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After a night of camping with some really good people. Dylan Furst (@Fursty) , John Winfield (@johnwingfield) , Bridget Smith (@wanderingalaskan) and I were headed out camping and we got an invite from Andrew Kearns (@andrewtkearns) to spend the night with him and Tina Niemitalo (@tinaniemitalo) out at a spot he knew about. We were joined by Bex Fairleigh (@youngbex) and we spent the night around a fire cooking and laughing and getting to know each other. The next morning we woke up to one of the most beautiful sunrises I’ve ever seen and I captured Andrew capturing a portrait of Bex amid the morning light.


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Mt. Baker wilderness has quickly become my favorite place since moving out to Washington. I’ve spent way too much time just out and about wandering the colorful fields and forrest. This particular trip I headed out and got lost with one of my favorite dogs Millie the Golden (@millethegolden). This was caught just as the evening sun came down getting ready to set.


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This photo is from the hands down best sunset I’ve seen in my life. Another Mt. Baker adventure with friends, we reached Artist Point just before sunset and ran around like madmen shooting and staring in awe at the light and cloud display nature was putting on for us.


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Another “suicide trip”. This one was pretty insane, I left after work and drove to Whistler and met with one of my photography and videography idols Aaron Leyland. He told me about a hidden cabin back in the mountains, and as I didn’t have anywhere to stay for the night I headed out to find it. I eventually found the road and drove as far up as my car would take me. When I couldn’t drive up anymore I got out and walked with my gear in snow and heavy winds. I didn’t reach the cabin till around 10pm, and I was completely soaked through. I started a fire in the cozy cabin and a local cruised up in his old Land Cruiser and joined me for the night. He was nice enough to give me a lift back to my car in the morning.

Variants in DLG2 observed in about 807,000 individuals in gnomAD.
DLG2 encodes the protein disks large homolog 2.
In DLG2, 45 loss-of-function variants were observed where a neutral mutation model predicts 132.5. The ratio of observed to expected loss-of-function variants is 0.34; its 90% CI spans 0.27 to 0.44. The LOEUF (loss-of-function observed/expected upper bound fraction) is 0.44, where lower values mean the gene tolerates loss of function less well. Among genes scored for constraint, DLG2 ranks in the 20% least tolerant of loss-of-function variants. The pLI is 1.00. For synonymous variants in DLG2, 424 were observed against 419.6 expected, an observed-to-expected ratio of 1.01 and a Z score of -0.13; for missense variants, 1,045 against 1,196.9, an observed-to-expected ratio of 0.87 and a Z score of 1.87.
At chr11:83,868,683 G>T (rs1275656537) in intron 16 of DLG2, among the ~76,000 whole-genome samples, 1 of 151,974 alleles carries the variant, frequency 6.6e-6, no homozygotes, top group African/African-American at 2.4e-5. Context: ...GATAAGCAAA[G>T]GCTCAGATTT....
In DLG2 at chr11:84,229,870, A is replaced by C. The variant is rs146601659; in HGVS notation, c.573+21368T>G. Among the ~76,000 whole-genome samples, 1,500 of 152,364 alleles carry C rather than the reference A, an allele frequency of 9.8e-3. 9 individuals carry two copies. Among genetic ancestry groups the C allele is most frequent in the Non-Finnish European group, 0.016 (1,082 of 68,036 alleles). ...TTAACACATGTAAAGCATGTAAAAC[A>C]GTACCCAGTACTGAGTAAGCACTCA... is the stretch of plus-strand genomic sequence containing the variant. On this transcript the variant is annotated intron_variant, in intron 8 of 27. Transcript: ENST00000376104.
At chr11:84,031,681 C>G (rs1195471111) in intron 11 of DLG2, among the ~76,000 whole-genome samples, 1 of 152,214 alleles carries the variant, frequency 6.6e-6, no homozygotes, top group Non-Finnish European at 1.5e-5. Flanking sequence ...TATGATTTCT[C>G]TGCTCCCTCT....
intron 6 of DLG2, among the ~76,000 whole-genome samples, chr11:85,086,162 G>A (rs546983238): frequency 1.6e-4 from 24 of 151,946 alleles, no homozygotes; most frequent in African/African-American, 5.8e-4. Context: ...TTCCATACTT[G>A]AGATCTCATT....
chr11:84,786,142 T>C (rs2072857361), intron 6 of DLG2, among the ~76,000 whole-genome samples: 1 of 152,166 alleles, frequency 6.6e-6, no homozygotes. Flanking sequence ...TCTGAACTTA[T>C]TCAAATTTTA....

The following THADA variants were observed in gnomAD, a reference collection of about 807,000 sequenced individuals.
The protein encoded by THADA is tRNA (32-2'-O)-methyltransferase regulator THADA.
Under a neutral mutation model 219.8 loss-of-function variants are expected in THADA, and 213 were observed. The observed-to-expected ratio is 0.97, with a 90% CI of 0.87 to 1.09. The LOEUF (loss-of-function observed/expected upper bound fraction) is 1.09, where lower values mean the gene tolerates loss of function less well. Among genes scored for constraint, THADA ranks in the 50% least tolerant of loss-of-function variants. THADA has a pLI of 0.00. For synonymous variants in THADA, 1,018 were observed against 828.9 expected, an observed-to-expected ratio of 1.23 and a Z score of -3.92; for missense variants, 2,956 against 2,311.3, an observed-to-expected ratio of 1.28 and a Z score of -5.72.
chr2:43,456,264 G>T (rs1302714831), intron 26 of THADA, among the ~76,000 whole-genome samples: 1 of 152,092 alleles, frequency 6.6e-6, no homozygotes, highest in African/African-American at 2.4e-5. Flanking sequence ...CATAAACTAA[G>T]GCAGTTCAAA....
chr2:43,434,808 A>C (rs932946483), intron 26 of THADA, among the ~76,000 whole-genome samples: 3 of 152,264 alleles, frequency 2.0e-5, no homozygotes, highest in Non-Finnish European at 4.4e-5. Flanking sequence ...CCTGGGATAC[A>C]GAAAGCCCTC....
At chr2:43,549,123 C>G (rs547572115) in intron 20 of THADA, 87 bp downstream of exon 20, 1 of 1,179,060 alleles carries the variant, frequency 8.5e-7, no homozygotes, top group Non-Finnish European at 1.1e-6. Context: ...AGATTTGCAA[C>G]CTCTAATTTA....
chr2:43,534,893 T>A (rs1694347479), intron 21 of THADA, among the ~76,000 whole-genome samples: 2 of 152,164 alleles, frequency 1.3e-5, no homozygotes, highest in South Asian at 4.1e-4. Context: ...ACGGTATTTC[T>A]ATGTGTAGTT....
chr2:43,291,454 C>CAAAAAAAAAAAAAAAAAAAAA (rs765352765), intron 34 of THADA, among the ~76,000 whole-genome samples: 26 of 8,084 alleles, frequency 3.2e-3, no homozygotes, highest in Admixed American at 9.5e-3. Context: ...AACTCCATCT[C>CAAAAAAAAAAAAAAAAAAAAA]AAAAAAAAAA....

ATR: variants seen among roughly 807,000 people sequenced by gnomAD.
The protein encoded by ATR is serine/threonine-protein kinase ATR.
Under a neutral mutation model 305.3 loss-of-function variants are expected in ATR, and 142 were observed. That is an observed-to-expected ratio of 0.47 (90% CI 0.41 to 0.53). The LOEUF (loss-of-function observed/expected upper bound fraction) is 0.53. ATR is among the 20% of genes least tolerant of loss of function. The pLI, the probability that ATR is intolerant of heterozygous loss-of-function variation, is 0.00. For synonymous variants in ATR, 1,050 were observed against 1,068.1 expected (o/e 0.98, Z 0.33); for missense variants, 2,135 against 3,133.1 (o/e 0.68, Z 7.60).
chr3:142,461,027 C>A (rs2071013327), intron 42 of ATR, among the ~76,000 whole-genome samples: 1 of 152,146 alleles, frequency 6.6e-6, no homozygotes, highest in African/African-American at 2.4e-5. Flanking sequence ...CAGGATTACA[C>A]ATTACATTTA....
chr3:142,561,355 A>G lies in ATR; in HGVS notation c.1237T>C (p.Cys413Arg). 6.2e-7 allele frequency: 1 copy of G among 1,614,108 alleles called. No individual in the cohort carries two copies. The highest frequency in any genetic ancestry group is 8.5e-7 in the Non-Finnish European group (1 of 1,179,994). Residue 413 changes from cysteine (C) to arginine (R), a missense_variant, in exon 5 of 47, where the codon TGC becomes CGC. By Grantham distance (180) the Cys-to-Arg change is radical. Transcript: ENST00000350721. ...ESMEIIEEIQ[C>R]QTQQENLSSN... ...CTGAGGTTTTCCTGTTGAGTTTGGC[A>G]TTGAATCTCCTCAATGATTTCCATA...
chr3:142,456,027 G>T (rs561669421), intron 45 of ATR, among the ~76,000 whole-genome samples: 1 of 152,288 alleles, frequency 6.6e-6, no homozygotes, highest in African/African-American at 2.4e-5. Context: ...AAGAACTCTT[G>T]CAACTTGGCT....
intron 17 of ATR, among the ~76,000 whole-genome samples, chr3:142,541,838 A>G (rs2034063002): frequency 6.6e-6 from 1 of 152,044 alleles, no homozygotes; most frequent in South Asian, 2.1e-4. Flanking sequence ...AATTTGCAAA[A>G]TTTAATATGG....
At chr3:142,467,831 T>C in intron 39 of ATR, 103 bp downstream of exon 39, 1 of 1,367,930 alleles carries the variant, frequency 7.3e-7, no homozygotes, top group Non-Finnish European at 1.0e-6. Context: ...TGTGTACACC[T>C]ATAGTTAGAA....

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This photo is from the same trip as the one above, just on the way home. I got a bit tired driving back and decided to pull off the road just outside Squamish and take a quick nap. I snapped this before I went to sleep.


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Another trip out to BC. This shot came during a 24 hour trip up to Garibaldi Provincial Park. I took off at around 5pm and shot up and stayed the night in the Garibaldi Lake trailhead. I got up at 5am and hiked the 18km trail in just a few hours, but managed to catch a few good shots on the way. My engine actually ended up blowing up on the way home from this trip so the rest of the day consisted of a long tow truck ride and a strong drink.


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Me and Dylan Furst decided to head out for a day of hiking in the rain out in Mt. Baker-Snoqualmie National Forest and after a long day of wet and cold adventuring we settled into our camp site for the night. This was the view I woke up to.


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This photo was one of my more recent shots from a trip to Alaska. I traveled up to Fairbanks with Megan Evanson (@megan_evanson) for a week and we decided to head to Summit County for the day. We spent the day exploring frozen river beds, icy canyons, and some very cold mountains, all in a brisk -30º F.



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One of my personal favorites, this shot came during a recent trip to the Olympic Peninsula. It was my first time out there, and some friends showed me the good spots. This suspended tree is definitely one of those spots, and as I love to hammock, I decided to throw one up directly underneath it. More camp coffee was made, and more hangs with friends were had.